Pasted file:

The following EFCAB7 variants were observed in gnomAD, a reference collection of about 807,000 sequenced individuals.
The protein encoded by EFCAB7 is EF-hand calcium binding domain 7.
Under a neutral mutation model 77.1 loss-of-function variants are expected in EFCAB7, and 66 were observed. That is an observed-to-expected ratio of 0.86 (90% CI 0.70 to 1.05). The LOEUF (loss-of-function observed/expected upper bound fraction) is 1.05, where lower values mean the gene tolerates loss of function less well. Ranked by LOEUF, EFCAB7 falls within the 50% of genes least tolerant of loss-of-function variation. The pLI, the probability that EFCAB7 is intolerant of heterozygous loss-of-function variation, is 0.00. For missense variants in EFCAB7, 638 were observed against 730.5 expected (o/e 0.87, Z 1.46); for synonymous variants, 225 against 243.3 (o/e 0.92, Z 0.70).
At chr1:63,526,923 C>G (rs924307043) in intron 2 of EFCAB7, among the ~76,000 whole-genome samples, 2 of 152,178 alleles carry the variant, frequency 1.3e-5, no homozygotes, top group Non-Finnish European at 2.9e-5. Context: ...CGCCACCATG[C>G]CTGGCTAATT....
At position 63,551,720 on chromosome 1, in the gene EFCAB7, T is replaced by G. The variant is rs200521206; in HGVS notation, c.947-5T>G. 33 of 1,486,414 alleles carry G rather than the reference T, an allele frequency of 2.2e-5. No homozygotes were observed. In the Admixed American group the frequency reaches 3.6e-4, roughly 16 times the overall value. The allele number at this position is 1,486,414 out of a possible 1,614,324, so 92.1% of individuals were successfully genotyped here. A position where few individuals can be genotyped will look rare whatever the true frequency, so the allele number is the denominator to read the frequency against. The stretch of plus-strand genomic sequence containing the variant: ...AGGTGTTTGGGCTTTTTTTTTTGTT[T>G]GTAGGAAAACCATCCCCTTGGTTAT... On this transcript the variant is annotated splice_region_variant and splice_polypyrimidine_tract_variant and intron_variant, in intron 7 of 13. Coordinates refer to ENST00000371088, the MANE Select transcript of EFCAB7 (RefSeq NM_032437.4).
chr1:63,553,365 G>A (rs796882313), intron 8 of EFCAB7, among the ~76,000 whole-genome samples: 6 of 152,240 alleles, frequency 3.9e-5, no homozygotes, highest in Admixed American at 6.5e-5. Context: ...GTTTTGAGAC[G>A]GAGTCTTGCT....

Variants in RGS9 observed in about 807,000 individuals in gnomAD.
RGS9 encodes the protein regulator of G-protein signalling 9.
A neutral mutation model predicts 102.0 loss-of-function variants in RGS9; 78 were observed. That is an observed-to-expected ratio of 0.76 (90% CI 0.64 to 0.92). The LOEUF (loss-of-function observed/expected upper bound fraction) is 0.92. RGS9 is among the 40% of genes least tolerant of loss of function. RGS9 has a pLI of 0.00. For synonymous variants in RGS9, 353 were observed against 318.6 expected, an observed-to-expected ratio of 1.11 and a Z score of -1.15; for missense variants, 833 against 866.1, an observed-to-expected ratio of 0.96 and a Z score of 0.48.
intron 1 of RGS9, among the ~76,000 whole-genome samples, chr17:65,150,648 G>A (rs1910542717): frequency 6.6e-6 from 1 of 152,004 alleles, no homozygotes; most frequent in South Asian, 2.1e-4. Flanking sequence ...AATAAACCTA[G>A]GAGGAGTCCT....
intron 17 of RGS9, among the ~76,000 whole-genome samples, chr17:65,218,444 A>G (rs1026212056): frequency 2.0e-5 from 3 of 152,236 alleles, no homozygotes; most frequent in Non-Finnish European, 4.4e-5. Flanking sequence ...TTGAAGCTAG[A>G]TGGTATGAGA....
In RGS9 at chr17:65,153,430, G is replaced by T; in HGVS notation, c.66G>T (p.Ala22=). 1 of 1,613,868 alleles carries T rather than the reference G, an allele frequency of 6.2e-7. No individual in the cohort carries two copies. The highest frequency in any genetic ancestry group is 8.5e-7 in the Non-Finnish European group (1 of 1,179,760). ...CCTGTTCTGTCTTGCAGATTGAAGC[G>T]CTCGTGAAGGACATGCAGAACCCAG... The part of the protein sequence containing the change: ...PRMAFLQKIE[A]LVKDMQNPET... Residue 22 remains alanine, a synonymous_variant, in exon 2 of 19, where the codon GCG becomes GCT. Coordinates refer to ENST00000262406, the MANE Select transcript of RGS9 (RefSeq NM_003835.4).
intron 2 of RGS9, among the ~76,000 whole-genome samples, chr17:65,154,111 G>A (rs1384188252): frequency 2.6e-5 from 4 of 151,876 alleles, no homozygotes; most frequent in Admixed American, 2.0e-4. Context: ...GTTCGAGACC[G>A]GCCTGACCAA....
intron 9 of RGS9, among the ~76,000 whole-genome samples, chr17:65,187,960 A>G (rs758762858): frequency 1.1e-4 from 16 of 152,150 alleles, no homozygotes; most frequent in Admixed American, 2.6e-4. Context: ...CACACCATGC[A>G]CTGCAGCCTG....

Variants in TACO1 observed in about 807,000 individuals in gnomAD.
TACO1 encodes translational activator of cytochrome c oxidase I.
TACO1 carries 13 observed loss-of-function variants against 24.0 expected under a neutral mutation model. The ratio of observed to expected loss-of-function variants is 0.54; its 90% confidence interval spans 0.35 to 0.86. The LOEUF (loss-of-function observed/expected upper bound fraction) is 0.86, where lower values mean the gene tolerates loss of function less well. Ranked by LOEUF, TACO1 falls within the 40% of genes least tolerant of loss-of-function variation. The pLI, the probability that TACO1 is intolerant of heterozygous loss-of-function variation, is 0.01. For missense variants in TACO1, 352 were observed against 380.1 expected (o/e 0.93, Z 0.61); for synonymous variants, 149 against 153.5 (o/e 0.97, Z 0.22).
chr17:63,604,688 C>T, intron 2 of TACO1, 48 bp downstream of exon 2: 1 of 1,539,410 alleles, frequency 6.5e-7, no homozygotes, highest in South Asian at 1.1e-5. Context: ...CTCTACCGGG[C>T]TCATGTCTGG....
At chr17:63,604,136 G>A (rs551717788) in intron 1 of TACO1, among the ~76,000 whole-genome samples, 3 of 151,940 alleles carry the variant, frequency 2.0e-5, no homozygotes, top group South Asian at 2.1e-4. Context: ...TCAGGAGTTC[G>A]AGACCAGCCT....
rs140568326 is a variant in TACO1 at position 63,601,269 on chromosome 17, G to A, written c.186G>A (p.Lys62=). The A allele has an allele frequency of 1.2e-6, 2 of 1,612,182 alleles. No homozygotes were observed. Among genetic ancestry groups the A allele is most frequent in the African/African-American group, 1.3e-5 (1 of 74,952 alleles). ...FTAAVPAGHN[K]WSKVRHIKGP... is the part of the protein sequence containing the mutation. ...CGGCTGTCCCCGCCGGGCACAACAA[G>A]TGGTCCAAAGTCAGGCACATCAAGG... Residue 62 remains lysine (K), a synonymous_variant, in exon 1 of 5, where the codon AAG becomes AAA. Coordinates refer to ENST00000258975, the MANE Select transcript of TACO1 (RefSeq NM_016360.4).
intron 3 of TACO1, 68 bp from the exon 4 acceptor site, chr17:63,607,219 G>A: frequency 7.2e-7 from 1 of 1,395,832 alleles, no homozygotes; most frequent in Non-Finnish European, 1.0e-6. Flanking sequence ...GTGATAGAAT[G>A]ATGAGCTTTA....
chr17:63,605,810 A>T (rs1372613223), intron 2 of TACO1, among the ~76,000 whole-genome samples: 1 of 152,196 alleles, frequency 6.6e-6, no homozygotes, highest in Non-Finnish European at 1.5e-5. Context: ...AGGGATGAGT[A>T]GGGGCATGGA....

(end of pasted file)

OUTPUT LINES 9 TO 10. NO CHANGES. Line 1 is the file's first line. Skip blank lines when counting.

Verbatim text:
A neutral mutation model predicts 102.0 loss-of-function variants in RGS9; 78 were observed. That is an observed-to-expected ratio of 0.76 (90% CI 0.64 to 0.92). The LOEUF (loss-of-function observed/expected upper bound fraction) is 0.92. RGS9 is among the 40% of genes least tolerant of loss of function. RGS9 has a pLI of 0.00. For synonymous variants in RGS9, 353 were observed against 318.6 expected, an observed-to-expected ratio of 1.11 and a Z score of -1.15; for missense variants, 833 against 866.1, an observed-to-expected ratio of 0.96 and a Z score of 0.48.
intron 1 of RGS9, among the ~76,000 whole-genome samples, chr17:65,150,648 G>A (rs1910542717): frequency 6.6e-6 from 1 of 152,004 alleles, no homozygotes; most frequent in South Asian, 2.1e-4. Flanking sequence ...AATAAACCTA[G>A]GAGGAGTCCT....